[tdwg-content] Name is species concept thinking

Kevin Richards RichardsK at landcareresearch.co.nz
Fri Jun 11 01:45:34 CEST 2010

This is sounding scarily close to my Organism Concept idea I had a while back.   ;-)

From: Peter DeVries [mailto:pete.devries at gmail.com]
Sent: Friday, 11 June 2010 11:34 a.m.
To: Richard Pyle
Cc: Jerry Cooper; Kevin Richards; tdwg-content at lists.tdwg.org
Subject: Re: [tdwg-content] Name is species concept thinking

Richard and Jerry are getting at something that we need to think about.

There will be differences in what people think is an ideal species concept model.

Depending on the needs of different groups they may need some different conceptualization.

I recognize the utility in documenting the different conceptualizations over time.

There are however a lot of people who are more interested in these kinds of relationships.

<SnowShoeHare> <preyItemOf> <NorthAmericanLynx>

<Ochlerotatus_triseriatus> <documentedVectorOf> <LaCrosseEncephalitis>

A number of the records that have been submitted to GBIF etc are from groups that are primarily thinking about species concepts in this way.

In fact traditional taxonomy does not have much information that helps separate those individuals that can be vectors or pathogens and those that cannot.

For these kinds of users it might be more useful to have an open machine interpretable document that can be used to determine the criteria for what species concepts are good matches for a specimen and what species concepts are not good matches.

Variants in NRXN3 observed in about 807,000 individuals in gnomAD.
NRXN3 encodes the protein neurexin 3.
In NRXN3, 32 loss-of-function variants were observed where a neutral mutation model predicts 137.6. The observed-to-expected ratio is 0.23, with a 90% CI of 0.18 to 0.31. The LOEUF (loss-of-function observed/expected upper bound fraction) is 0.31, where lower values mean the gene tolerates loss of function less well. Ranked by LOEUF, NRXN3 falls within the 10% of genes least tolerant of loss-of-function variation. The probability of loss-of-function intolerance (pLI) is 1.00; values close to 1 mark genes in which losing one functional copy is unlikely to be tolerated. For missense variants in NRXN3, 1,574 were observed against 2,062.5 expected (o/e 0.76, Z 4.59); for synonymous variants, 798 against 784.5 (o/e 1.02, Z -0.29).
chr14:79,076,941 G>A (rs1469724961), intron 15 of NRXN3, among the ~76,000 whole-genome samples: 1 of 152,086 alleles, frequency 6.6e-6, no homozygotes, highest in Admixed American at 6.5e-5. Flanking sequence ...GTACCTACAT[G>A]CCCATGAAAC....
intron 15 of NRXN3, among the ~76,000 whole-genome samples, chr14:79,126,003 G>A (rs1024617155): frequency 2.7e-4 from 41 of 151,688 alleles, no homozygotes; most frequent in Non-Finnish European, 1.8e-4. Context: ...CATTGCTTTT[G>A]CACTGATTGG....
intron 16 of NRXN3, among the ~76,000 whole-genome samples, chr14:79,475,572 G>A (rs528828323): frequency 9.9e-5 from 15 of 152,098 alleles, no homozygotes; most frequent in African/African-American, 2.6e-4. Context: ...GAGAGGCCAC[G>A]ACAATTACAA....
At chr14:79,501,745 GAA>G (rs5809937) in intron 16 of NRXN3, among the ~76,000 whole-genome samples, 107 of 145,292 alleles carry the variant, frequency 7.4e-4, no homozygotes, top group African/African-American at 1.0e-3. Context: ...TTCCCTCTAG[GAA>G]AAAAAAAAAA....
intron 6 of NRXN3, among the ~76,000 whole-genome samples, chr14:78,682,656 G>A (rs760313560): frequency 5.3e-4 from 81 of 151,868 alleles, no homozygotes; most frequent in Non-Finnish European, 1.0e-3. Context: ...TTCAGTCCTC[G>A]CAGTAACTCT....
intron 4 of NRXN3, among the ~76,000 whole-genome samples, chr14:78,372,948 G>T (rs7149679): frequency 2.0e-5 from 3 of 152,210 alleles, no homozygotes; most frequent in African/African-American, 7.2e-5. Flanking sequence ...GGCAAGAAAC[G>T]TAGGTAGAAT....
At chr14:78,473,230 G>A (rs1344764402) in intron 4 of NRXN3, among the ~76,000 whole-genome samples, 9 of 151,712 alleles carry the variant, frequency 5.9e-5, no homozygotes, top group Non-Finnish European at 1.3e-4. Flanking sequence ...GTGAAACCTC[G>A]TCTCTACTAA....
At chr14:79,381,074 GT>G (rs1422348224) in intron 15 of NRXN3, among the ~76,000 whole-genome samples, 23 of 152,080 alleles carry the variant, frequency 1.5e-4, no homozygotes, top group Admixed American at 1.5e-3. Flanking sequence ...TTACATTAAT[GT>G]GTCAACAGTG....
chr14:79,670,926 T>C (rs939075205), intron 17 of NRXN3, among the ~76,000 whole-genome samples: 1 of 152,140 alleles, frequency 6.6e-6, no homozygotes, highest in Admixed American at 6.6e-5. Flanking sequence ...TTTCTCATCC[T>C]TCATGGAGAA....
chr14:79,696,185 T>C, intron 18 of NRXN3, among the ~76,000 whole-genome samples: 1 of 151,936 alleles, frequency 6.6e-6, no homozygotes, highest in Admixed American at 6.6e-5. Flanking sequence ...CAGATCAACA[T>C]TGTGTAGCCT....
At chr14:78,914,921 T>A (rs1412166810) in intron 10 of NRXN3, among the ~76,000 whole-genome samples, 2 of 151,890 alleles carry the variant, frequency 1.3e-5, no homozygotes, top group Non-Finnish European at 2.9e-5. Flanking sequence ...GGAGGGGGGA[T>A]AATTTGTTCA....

In this sense it is a way to agree on what are the characteristics (and the variability in those characteristics) that assign specimen x most closely with species concept Y.

I think that the species concepts that you describe in GNUB will allow you to capture the variations in conscriptions you are talking about.

I also think that the general things that Dima and I are working through will also help either directly though the TaxonConcept concepts or figuring out the best way to get the GNUB concepts working as you describe in a triplestore. I think they maybe thinking that the TaxonConcept concepts might help them determine how best to RDF the GNUB concepts if they will be different.

What proportion of currently described taxa have these types of overlapping conscriptions?  I know of several insects like this, but what about mammals like the Cougar?

I hope that people are willing to accept that there maybe different types of species concepts depending on how they are intended to be used.

We may not be able to agree on what a species is but I think we might be able get to the point where it is clearer when we state that identifer X means instances with these somewhat variable set of characteristics.

Frankly I think it would be an improvement if we could get maps etc that combine Aedes triseriatus / Ochlerotatus triseriatus into one map and Felis concolor and Puma concolor into a different single map. :-)


- Pete

On Thu, Jun 10, 2010 at 5:15 PM, Richard Pyle <deepreef at bishopmuseum.org<mailto:deepreef at bishopmuseum.org>> wrote:
Warning to Tim:  Go get your cup of tea before reading....

Hi Jerry,

I believe what you describe:

> I think we do need an  agreed way for identifying a 'set of
> name/article pointers' that define a useful grouping (which I
> would hesitate to call a concept). I don't think an
> open-ended linked data chain does provide that defined grouping.
...is already built into the GNUB data model.

Starting with a particular TaxonNameUsageID instance, we can directly get a
set of Protonyms that are asserted in the Usage to be included within the
taxon.  From these Protonyms, we can explode out as far as you want to go.

The limitation, however, is that GNUB only includes the explict facts, not